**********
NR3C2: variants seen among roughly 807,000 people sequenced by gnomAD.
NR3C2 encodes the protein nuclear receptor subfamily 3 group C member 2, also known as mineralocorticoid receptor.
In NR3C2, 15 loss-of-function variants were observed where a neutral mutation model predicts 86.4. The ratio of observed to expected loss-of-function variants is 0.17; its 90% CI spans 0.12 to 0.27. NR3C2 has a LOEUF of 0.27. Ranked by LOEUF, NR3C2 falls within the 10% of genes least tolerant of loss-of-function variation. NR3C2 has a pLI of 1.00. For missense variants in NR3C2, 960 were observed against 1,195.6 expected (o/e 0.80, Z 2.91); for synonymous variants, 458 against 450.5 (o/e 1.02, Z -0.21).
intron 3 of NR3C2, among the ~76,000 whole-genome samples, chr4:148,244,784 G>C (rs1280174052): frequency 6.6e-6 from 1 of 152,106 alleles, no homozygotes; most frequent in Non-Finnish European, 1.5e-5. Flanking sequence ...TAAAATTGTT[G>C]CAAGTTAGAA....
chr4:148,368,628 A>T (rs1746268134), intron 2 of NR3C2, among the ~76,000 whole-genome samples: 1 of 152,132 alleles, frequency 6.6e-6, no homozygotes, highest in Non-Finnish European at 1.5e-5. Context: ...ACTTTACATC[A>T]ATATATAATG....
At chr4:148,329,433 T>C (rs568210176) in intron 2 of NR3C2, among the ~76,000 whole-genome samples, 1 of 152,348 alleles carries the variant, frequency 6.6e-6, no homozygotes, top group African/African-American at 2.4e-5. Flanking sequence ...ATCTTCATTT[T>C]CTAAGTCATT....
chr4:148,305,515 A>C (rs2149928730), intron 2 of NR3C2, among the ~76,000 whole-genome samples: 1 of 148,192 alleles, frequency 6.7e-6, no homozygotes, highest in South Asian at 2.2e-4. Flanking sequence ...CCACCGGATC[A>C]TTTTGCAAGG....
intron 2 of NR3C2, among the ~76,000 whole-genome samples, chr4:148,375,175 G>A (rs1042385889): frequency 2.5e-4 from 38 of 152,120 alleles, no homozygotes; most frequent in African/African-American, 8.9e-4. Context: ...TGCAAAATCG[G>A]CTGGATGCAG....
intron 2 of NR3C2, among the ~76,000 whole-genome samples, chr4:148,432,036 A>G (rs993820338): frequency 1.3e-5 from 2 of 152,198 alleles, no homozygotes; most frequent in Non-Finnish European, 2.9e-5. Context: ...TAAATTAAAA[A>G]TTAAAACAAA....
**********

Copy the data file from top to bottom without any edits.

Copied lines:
NR3C2: variants seen among roughly 807,000 people sequenced by gnomAD.
NR3C2 encodes the protein nuclear receptor subfamily 3 group C member 2, also known as mineralocorticoid receptor.
In NR3C2, 15 loss-of-function variants were observed where a neutral mutation model predicts 86.4. The ratio of observed to expected loss-of-function variants is 0.17; its 90% CI spans 0.12 to 0.27. NR3C2 has a LOEUF of 0.27. Ranked by LOEUF, NR3C2 falls within the 10% of genes least tolerant of loss-of-function variation. NR3C2 has a pLI of 1.00. For missense variants in NR3C2, 960 were observed against 1,195.6 expected (o/e 0.80, Z 2.91); for synonymous variants, 458 against 450.5 (o/e 1.02, Z -0.21).
intron 3 of NR3C2, among the ~76,000 whole-genome samples, chr4:148,244,784 G>C (rs1280174052): frequency 6.6e-6 from 1 of 152,106 alleles, no homozygotes; most frequent in Non-Finnish European, 1.5e-5. Flanking sequence ...TAAAATTGTT[G>C]CAAGTTAGAA....
chr4:148,368,628 A>T (rs1746268134), intron 2 of NR3C2, among the ~76,000 whole-genome samples: 1 of 152,132 alleles, frequency 6.6e-6, no homozygotes, highest in Non-Finnish European at 1.5e-5. Context: ...ACTTTACATC[A>T]ATATATAATG....
At chr4:148,329,433 T>C (rs568210176) in intron 2 of NR3C2, among the ~76,000 whole-genome samples, 1 of 152,348 alleles carries the variant, frequency 6.6e-6, no homozygotes, top group African/African-American at 2.4e-5. Flanking sequence ...ATCTTCATTT[T>C]CTAAGTCATT....
chr4:148,305,515 A>C (rs2149928730), intron 2 of NR3C2, among the ~76,000 whole-genome samples: 1 of 148,192 alleles, frequency 6.7e-6, no homozygotes, highest in South Asian at 2.2e-4. Flanking sequence ...CCACCGGATC[A>C]TTTTGCAAGG....
intron 2 of NR3C2, among the ~76,000 whole-genome samples, chr4:148,375,175 G>A (rs1042385889): frequency 2.5e-4 from 38 of 152,120 alleles, no homozygotes; most frequent in African/African-American, 8.9e-4. Context: ...TGCAAAATCG[G>A]CTGGATGCAG....
intron 2 of NR3C2, among the ~76,000 whole-genome samples, chr4:148,432,036 A>G (rs993820338): frequency 1.3e-5 from 2 of 152,198 alleles, no homozygotes; most frequent in Non-Finnish European, 2.9e-5. Context: ...TAAATTAAAA[A>G]TTAAAACAAA....